The government has today launched a consultation on an above the line (ATL) R&D tax credit that Chancellor George Osborne highlighted in last week's budget statement.
The tax credit is intended to help large companies create and boost innovation, jobs and UK exports.
Osborne said that the ATL credit would be available from April 2013, with a minimum rate of 9.1 percent before tax.
Loss-making companies will be able to claim a payable credit, the level of which will be decided after the consultation.
With the existing R&D tax credit, businesses have to wait until they are profitable before they benefit from government support. Furthermore, the ATL credit will be calculated as a percentage of the company's R&D spend, instead of the current 'superdeduction' tax relief, which reduces taxable profits.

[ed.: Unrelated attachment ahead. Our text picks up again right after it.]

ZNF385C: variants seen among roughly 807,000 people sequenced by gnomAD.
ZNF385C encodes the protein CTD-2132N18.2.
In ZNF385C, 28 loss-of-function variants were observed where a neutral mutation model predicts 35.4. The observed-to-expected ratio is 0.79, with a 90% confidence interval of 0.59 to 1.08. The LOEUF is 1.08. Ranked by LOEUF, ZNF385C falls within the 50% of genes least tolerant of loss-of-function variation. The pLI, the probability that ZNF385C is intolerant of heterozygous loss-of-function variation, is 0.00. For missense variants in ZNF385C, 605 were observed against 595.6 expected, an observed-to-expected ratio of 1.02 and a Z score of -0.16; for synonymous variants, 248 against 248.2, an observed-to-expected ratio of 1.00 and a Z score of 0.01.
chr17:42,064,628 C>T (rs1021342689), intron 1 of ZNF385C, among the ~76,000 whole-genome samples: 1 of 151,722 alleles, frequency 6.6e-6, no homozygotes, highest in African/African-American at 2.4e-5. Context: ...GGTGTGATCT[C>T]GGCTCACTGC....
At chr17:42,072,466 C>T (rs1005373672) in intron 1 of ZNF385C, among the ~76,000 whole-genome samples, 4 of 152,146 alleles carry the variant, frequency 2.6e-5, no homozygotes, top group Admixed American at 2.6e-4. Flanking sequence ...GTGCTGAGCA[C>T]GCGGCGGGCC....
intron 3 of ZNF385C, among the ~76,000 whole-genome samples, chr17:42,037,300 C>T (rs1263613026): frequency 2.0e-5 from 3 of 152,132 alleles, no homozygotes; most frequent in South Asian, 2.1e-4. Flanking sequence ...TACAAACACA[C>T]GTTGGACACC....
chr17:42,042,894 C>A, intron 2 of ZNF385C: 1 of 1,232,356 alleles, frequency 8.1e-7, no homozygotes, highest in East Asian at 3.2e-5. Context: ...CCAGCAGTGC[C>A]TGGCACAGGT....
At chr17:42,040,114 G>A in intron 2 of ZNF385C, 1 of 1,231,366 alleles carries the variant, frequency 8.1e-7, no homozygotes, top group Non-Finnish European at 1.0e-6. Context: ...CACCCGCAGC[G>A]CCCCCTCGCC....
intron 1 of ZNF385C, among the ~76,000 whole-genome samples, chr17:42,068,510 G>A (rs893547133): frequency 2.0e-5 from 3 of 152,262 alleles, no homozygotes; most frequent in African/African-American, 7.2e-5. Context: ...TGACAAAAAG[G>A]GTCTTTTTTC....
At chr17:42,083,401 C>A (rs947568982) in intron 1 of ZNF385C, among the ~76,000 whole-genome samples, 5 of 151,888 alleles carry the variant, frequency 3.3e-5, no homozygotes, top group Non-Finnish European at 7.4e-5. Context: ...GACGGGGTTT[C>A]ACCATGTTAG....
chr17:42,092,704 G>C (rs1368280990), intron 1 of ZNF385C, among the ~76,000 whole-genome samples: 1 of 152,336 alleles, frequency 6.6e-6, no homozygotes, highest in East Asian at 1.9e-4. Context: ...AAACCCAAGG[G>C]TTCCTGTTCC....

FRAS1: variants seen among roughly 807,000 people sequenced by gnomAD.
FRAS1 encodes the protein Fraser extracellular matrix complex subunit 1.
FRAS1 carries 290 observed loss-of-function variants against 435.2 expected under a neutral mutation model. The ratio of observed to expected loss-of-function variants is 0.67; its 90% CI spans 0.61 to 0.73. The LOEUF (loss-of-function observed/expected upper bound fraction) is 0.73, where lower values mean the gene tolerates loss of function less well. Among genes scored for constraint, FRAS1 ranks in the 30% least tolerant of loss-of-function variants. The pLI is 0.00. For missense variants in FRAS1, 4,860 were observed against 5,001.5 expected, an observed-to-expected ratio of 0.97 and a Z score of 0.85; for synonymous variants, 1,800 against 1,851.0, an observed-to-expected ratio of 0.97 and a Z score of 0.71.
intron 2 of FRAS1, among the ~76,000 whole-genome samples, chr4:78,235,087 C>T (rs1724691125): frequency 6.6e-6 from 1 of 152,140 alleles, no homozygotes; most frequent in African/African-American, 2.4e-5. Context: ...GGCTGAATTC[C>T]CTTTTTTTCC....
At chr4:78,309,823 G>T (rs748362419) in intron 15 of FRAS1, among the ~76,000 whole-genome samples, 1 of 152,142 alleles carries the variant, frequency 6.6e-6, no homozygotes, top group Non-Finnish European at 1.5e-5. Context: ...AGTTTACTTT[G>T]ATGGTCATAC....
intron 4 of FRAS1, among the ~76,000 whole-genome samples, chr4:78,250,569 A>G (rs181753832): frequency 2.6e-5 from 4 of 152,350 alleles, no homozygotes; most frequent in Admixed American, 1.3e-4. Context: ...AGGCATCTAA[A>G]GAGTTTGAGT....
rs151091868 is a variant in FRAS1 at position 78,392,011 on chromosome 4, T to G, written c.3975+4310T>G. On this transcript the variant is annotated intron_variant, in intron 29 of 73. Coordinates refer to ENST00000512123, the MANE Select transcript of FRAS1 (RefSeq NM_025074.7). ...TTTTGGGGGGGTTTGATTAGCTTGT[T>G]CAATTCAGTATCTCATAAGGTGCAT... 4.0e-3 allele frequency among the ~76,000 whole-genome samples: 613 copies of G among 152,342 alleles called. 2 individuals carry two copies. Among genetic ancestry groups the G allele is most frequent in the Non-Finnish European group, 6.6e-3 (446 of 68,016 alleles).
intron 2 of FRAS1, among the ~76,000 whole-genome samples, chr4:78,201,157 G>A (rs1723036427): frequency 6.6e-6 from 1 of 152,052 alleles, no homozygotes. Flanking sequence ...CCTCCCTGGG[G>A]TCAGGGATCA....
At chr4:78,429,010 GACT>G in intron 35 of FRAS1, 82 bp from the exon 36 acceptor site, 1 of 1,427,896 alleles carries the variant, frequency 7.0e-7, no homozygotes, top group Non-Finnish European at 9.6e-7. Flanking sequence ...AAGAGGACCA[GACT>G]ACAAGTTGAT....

However, the ATL credit – first announced in autumn 2011 – will only be available to large companies, which Osborne did not clarify during his budget announcement. This will come as a disappointment to start-ups hoping to take advantage of extra financial support.
David Gauke, exchequer secretary to the Treasury, said: "The government is committed to encouraging research, development and innovation in order to achieve higher growth.
"The ATL credit for R&D will encourage large company research and development and ensure that the UK continues to be one of the most attractive places in the world to undertake R&D."
The government said it did not plan to change the existing SME R&D tax credit to an ATL credit, and insisted that the level of support under the small business scheme will not be reduced as a result of the new credit. The small company R&D tax credit rate was increased from 175 percent to 200 percent in 2011, and then to 225 from April 2012.
The consultation, available here, will close on 29 June 2012.